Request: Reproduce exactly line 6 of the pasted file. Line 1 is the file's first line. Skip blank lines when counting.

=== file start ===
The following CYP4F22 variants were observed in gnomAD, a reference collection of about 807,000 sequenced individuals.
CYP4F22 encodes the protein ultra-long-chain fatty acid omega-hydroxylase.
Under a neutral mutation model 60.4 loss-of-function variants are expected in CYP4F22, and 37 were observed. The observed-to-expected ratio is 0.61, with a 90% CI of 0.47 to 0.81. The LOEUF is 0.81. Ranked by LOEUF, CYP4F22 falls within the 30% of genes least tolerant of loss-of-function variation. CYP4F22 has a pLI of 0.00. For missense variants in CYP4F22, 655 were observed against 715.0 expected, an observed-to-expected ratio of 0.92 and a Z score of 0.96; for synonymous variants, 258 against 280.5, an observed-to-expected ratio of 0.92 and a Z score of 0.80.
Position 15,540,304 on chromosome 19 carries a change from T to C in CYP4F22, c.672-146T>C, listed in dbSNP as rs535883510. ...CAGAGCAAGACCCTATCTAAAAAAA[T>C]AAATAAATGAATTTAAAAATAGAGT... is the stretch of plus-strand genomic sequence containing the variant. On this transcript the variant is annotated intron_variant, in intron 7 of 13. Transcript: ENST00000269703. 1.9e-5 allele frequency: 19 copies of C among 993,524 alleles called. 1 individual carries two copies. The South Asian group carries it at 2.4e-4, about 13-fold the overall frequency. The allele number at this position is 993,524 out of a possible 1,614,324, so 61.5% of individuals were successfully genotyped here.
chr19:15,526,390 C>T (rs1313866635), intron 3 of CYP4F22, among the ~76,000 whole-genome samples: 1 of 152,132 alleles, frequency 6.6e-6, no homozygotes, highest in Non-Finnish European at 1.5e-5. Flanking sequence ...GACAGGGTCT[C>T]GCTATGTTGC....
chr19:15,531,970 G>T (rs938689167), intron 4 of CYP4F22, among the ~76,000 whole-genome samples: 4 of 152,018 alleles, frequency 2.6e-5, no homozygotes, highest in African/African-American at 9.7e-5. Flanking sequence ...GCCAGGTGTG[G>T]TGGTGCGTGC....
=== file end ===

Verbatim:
chr19:15,531,970 G>T (rs938689167), intron 4 of CYP4F22, among the ~76,000 whole-genome samples: 4 of 152,018 alleles, frequency 2.6e-5, no homozygotes, highest in African/African-American at 9.7e-5. Flanking sequence ...GCCAGGTGTG[G>T]TGGTGCGTGC....